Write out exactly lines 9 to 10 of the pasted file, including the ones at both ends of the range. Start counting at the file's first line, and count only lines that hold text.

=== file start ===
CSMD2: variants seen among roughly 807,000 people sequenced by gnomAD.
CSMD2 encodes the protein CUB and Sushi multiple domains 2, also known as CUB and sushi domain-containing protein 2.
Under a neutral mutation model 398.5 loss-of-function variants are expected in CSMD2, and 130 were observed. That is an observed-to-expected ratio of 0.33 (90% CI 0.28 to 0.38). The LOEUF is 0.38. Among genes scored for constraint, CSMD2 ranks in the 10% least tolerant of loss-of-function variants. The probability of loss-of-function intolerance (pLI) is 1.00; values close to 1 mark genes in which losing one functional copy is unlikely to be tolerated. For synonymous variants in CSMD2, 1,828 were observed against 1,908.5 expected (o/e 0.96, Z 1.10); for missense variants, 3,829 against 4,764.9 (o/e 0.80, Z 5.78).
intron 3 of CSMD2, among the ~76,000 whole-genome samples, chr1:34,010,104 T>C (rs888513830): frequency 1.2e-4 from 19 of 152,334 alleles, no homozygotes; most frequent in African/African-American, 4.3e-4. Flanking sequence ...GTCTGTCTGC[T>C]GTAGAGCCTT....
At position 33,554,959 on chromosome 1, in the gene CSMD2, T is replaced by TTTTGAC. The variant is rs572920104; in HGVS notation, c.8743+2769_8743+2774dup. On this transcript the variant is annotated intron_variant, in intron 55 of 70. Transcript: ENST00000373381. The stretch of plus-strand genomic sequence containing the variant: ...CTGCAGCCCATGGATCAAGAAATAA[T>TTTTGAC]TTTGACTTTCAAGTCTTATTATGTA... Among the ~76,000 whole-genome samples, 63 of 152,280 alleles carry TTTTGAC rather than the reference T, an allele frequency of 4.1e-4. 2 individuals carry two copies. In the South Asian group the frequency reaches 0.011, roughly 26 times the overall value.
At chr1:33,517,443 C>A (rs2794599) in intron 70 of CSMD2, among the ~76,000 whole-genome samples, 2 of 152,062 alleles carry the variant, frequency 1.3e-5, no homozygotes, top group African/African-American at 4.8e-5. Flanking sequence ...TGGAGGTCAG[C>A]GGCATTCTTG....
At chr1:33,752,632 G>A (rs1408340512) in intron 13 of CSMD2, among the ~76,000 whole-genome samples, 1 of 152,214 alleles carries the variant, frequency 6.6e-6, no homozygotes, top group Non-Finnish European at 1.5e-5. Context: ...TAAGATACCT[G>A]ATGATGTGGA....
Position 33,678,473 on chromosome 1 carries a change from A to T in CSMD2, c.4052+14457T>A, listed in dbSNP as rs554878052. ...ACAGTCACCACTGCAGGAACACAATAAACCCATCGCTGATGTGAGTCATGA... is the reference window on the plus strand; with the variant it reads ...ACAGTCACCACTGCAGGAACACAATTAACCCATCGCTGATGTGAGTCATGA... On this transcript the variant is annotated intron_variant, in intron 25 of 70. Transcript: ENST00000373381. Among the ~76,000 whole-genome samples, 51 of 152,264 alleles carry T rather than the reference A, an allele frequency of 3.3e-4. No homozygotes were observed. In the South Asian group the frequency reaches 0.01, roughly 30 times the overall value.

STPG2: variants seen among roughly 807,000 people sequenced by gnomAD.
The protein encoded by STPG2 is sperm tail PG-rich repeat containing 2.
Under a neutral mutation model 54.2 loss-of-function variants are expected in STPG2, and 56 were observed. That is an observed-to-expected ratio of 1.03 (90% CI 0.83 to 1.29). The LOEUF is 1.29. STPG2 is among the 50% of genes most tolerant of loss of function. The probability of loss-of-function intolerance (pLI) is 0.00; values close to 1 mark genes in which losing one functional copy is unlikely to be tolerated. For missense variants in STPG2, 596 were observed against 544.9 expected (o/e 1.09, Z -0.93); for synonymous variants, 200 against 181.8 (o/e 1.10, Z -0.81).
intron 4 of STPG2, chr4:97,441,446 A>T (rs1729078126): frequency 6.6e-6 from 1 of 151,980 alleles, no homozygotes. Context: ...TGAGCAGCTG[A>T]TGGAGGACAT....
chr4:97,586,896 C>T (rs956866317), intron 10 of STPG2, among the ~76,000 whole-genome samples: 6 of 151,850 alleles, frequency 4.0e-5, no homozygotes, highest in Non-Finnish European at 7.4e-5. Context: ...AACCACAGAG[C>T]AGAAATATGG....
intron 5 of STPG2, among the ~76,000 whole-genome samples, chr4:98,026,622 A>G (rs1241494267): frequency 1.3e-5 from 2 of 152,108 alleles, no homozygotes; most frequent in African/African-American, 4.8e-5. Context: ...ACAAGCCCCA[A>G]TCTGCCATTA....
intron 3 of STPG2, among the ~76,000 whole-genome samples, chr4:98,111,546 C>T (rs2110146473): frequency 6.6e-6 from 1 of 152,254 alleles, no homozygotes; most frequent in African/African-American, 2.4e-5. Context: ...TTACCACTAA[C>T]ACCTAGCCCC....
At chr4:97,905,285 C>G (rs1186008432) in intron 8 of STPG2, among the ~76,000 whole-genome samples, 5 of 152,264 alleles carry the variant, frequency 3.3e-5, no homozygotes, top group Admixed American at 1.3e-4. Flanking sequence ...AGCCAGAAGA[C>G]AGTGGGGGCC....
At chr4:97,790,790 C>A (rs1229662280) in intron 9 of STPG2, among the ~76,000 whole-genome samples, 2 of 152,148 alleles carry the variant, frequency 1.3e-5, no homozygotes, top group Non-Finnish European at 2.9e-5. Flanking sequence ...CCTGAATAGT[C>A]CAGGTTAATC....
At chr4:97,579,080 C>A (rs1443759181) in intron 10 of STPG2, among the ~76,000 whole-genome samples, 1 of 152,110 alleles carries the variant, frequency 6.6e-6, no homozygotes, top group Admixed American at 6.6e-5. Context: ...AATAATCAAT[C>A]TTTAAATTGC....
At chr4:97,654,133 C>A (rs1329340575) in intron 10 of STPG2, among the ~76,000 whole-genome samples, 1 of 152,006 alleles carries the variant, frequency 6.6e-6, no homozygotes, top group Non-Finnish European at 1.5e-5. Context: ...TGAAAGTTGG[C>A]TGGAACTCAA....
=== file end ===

STPG2: variants seen among roughly 807,000 people sequenced by gnomAD.
The protein encoded by STPG2 is sperm tail PG-rich repeat containing 2.